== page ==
ACT desires the IRD to chase unlawful gang earnings – by sending them a questionaire

ACT leader David Seymour says he wants the IRD to chase gang members who avoid paying tax.

ROBERT KITCHIN/Stuff

ACT leader David Seymour says he wants the IRD to chase gang members who avoid paying tax.

ACT leader David Seymour wants the Inland Revenue Department (IRD) to use its powers to investigate gang members.

The Taxation (Income Tax Rate and Other Amendments) Bill was passed into law in December 2020 with the Government giving the IRD the power to question individuals about where all their sources of wealth come from – specifically whether they were using tax loopholes and trusts to avoid paying tax.

At the time, Revenue Minister David Parker said it would allow the Commissioner of Inland Revenue to gather information from taxpayers to ensure the law was being followed.

Seymour said it wanted to use those same powers “to investigate gang members’ income and tax paid”.

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“The Labour Government has given the Inland Revenue Commissioner power to ask for any financial information, no matter how private or personal,” he said.

“ACT would take those powers and tell Inland Revenue – stop with the tall poppy syndrome, stop targeting New Zealand’s most successful who are already paying huge amounts of tax on their legal incomes.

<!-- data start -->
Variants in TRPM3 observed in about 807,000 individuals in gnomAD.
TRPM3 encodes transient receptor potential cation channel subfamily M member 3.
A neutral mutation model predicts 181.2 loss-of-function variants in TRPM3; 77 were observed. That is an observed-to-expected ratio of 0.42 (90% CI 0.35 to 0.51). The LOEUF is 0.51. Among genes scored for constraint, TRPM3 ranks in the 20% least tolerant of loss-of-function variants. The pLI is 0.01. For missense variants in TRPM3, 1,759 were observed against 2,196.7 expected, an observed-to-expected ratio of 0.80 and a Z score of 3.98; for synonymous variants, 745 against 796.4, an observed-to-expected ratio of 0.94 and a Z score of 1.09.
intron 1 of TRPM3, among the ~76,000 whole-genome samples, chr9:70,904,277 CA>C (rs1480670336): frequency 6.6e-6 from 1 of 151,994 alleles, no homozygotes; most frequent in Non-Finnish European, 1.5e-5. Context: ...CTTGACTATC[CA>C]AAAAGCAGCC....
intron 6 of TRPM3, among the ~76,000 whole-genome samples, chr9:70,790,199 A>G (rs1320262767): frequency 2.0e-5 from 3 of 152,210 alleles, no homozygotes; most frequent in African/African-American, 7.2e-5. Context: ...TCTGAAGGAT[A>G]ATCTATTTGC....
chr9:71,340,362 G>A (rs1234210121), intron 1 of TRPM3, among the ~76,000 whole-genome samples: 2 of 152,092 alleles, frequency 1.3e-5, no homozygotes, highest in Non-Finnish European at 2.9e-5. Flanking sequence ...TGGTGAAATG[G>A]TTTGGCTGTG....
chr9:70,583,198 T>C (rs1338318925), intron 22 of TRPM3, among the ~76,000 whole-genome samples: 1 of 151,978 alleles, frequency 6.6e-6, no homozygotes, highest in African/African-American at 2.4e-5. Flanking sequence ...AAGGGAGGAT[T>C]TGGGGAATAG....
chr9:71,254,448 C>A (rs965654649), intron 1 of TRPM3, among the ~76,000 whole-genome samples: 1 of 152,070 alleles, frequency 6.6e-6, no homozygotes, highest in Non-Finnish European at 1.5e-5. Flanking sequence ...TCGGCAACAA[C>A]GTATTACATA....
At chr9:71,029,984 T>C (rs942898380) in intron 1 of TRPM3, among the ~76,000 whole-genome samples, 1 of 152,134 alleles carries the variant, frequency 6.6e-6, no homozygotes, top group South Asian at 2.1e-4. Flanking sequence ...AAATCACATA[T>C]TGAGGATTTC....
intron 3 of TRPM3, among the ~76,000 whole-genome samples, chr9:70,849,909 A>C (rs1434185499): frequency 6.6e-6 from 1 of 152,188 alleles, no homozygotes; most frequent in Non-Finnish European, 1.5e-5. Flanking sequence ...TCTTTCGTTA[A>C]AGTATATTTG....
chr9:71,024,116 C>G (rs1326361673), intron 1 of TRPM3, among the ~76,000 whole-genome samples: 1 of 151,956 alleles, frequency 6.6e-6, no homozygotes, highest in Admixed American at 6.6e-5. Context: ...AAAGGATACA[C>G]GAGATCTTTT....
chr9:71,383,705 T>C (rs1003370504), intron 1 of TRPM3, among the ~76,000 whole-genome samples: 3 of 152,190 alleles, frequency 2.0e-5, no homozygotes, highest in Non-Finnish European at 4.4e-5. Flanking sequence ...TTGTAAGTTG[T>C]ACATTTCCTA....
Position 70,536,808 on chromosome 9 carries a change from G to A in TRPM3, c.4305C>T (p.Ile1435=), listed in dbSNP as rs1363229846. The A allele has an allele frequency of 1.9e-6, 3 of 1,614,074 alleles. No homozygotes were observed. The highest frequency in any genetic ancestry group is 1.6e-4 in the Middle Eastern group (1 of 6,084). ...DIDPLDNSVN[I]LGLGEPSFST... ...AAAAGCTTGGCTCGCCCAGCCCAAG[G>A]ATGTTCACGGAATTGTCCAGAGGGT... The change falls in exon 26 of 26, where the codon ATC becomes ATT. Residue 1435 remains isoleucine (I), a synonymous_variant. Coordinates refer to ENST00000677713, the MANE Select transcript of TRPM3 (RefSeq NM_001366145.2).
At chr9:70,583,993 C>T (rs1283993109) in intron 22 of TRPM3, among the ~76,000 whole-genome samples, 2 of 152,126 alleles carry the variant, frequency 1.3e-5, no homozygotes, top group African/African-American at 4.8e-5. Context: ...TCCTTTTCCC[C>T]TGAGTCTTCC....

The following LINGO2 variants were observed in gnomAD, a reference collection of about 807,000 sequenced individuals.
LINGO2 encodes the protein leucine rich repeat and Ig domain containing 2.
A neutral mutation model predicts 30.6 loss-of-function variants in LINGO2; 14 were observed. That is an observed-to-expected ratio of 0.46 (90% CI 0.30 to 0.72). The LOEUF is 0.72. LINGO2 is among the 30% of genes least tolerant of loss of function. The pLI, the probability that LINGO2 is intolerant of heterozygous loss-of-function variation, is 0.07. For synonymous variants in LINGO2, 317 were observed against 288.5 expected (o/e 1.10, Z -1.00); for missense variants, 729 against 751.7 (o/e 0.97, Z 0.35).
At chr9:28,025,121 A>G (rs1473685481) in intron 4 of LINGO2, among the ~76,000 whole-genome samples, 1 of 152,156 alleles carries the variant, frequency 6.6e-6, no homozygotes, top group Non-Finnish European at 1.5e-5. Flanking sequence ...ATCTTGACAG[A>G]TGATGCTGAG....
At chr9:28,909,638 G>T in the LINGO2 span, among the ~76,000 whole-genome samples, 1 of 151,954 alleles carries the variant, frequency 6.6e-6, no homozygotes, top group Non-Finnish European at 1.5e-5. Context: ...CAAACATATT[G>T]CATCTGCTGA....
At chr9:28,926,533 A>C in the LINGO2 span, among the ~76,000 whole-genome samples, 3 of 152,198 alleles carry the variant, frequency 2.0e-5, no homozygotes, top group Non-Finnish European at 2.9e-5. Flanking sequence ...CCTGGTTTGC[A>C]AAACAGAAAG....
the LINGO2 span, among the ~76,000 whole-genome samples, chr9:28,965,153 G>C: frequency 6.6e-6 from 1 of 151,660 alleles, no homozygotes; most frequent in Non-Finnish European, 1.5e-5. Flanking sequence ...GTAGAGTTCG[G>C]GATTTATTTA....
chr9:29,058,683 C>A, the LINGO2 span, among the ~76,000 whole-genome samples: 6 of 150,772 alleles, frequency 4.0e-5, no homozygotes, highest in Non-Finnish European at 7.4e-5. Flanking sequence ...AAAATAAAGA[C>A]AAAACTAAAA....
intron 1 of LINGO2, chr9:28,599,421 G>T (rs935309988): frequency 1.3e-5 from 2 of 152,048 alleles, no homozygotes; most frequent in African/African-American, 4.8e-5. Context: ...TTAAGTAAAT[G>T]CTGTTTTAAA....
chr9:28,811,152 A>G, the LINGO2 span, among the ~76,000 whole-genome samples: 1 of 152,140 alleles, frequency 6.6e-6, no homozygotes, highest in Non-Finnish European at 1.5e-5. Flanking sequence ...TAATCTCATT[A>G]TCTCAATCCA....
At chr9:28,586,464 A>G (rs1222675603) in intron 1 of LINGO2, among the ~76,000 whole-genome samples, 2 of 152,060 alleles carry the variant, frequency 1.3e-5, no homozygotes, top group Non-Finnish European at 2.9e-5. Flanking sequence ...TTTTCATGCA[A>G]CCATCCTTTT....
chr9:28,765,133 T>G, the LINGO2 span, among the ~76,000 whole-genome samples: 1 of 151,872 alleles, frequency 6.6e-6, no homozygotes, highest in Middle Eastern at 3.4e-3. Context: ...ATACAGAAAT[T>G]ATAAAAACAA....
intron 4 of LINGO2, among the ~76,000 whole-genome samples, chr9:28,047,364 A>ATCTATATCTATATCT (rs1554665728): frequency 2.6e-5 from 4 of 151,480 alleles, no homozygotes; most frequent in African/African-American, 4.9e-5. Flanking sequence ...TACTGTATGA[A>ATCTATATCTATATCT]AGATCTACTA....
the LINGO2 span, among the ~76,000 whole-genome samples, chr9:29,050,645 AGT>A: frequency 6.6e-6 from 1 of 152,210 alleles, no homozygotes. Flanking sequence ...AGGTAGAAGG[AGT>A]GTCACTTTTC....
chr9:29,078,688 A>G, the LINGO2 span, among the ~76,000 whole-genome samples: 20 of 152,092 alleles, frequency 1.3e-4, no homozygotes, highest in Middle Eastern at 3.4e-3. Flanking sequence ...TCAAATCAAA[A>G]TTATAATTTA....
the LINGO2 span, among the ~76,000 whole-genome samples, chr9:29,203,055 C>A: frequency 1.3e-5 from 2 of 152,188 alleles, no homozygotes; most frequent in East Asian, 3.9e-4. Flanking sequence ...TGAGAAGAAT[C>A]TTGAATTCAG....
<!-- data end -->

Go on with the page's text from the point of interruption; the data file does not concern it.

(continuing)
“Instead, we can identify a case of high-rollers who are not paying their fair share of tax.”

STUFF

Revenue Minister David Parker discusses a bill which would set out principles of fairness in the tax system (video first published in May).

He said gangs survive based on their ability to evade the law and while the information collected by the IRD can’t be used to lock up gang members directly, the information could be used to improve future policies on taxing gangs.

Broadcaster Rebecca Wright challenged Seymour about his plans on Newshub Nation on Saturday.

She asked whether the IRD sending a questionnaire to gang members about where their income came from would work, and if gang members would comply.

Seymour said they would have to comply because it was illegal not to, and they would be fined.

”And if they don’t pay those fines they eventually go to jail.”

He said gangs made huge profits from illegal activities, mainly from the drug trade, and if the Government could find out where their profits came from they would be better able to crack down on the illegal drug trade and those running it.

“ACT is sending a clear message that it expects existing laws to be enforced, and it will empower the police and government agencies to enforce it, focussing on criminals rather than high achieving Kiwis. Tax law applies to everyone, even gang members.”